Baptisms & Dogs: Stories - B.L. Tucker
I grew up reading short stories. And I'm not talking about Dr. Seuss and other children's books. I started reading Ray Bradbury at a fairly young age, and was delighted by the concept of the short story.
One might think that they're *easier* to write than a full length novel, but I would argue that it takes a special skill set to create an entire book of short stories that flow together and don't leave the readers feeling disjointed or confused.
B.L. Tucker accomplishes that quite well in his book Baptism & Dogs: Stories. While I have to admit that I did not fully understand what was happening in a few of the stories, that didn't make them any less enjoyable. I am grateful to books that force me to think a little bit.
The writing is well put together and each story gets to the meat of the issue quickly, leaving out the fluff and filler that many books include. I did read most of it in one sitting, but I liked not feeling that I had to.
Overall the conversational tone of this work is wonderful and well put together. I recommend this collection if you're looking for something a little different than your normal everyday read.
Some Bio Information
Writing started as a result of reading. He blames it all on BookIt. It started in elementary school and proceeded to follow him into adulthood. If you recall the program, they had this amazing opportunity to offer a free personal pan pizza from Pizza Hut each week, just by adding more books to your "read" list. He read and read and read all for that elusive...pepperoni pizza. His mom loved that he read so much, but she also grew tired of taking him to Pizza Hut. To this day, he can't visit "the hut" without thinking about books! As a result of all that reading (and pizza), came the desire to put words onto the page.
Brian has been fortunate enough to be published in "The Story Shack" (Fall 2014) along with other fine print (and online) journals from 2010-present. In June 2014, he had his first collection of short stories published, titled: "Baptisms & Dogs: Stories," and it's currently available in print (and Kindle form) on Amazon. It was a 2012 Finalist for the Linda Bruckheimer Series in Kentucky Literature competition.
1. Tell us a little bit about the process of writing this book.
This collection, Baptisms & Dogs: Stories, is the formation of MFA program requirements (Write! Write! Write!) and the desire to write about a fictional region that embraces the “down and out” personalities rather than simply tossing them aside.
2. Who is your favorite author?
Charles Portis is way up on my list. So is Larry Brown and Harriette Simpson Arnow. She’s actually from my hometown of Monticello, KY. (I want to write something about ½ as special as The Dollmaker was for the literary canon.)
3. Where do you draw your inspiration?
Place obviously has a lot to do with it. I tell people I have the strongest sense of place imaginable, because I grew up in southeastern Kentucky. The people are real. Their honesty and commitment is real. I couldn’t be luckier, when it comes to having great inspiration. Storytelling makes the region even better, if that’s possible. Everyone I know tells a pretty good story at home!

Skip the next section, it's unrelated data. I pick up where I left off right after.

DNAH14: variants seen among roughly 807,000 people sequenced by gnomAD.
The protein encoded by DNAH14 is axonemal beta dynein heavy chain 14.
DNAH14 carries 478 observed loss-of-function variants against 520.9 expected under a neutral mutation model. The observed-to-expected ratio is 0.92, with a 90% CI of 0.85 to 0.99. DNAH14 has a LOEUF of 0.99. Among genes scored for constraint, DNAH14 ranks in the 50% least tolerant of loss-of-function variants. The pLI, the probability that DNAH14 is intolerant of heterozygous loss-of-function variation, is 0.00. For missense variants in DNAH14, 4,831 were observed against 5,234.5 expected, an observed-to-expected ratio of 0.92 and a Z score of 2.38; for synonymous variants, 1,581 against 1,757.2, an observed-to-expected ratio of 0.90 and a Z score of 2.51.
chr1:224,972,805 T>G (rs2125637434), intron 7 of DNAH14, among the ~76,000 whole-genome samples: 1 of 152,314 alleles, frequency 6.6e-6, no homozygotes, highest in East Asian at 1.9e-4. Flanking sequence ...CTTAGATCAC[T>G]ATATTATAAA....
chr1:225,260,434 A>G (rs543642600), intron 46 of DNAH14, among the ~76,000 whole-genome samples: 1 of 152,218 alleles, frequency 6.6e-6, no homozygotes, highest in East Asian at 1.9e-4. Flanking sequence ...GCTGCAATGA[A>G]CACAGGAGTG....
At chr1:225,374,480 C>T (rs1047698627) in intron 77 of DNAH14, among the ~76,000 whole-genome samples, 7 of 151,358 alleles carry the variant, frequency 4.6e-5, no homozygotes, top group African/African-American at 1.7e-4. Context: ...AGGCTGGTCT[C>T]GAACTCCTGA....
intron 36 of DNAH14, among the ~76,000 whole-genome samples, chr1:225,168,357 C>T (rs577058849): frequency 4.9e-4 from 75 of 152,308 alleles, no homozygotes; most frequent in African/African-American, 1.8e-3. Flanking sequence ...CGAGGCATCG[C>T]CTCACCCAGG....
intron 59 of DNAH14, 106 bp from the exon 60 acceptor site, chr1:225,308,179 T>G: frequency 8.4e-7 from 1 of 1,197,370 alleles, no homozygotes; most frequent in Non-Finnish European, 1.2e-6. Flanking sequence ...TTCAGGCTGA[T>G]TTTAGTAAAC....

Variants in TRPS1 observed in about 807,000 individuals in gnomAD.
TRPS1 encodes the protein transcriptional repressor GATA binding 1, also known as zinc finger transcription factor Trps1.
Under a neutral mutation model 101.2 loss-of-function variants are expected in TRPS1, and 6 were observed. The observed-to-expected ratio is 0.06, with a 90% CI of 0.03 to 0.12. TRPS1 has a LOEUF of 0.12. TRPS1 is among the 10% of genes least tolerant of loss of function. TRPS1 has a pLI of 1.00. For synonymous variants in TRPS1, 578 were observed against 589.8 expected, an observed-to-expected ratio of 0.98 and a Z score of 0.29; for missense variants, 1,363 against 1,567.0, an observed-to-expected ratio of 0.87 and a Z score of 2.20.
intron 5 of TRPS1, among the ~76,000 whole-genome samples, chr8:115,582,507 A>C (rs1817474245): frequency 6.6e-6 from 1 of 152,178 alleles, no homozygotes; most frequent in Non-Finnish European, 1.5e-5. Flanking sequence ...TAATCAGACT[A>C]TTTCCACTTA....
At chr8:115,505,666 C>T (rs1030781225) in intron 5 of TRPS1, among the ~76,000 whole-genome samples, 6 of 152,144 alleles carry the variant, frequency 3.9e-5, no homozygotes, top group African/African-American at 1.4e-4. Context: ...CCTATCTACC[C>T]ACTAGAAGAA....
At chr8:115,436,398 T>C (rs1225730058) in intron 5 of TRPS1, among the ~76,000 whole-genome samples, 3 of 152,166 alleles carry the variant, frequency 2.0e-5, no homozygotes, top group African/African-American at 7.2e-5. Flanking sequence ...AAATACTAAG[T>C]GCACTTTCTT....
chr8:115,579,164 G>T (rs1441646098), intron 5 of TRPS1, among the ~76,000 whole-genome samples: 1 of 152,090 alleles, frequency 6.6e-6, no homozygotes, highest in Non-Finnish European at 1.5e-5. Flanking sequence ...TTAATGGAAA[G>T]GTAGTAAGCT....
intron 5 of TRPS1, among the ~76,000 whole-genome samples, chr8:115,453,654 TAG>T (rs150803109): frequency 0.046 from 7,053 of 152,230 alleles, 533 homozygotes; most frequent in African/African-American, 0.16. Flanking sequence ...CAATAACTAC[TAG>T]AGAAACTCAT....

4. What is your favorite story in this collection?
Humor is something I want to develop in my writing. This collection boasts some of that, and I’m sure it was over-the-top in places. I love being able to write about humorous moments in a person’s day-to-day environment. Maybe it’s the copier not working. Maybe the pizza delivery person walks fifteen times around the building before asking for help. There is humor in the everydayness of life. For these reasons, I enjoyed writing about the “slice of life” moments that characters’ exemplified. If I had to pick a favorite, it would probably be The Coke Man’s Trip. It’s humorous in a very dark, rushed moment, and somehow, even that moment allows a laugh to reach the surface.
5. What made you want to become an author?
In some ways, I don’t feel I had a choice. I love reading stories. As a result, I think about my own. They just kind of rattle around. But, I only put some on paper, when I’m forced to. The MFA program I mentioned earlier (Bluegrass Writers Studio) helped me with that a lot. Consistently, I’d be sitting in a hotel room for work, and my online course would meet at night, and I’d chime in online, and I was required to have NEW work to present each week. Without that pressure, I might not have written these regionally-based tales. (And once again, I write because Harriette Simpson Arnow wrote The Dollmaker.)
6. What is your least favorite part of the writing process?
For me, it’s the isolation. Writing is uncomfortable for me. There’s a keyboard, and I wrestle with it. I’d rather be talking to someone. Yes. I’m the awkward, extroverted writer. Rare and painstakingly annoying at writing conferences. ISOLATION is not my friend.
7. What’s your ultimate writing goal?
My novel is the ultimate goal this year: 2015. I’m on the 5th revision of a Young Adult—Middle Adult action/adventure tale. It’s my first novel. It needs editing still, and I’m nervous, because it doesn’t quite fit into a neatly-labeled genre. (This story is religious fiction with a male teen protagonist.) Once this one finds a home, my ultimate writing goal will inevitably change. I’d love to write a memoir. [Call it literary restlessness, but I promise I’m not out to intentionally write in every genre.] Going back to that strong sense of place, I really would like to tell a much more intimate story about self, place, and purpose. We shall see…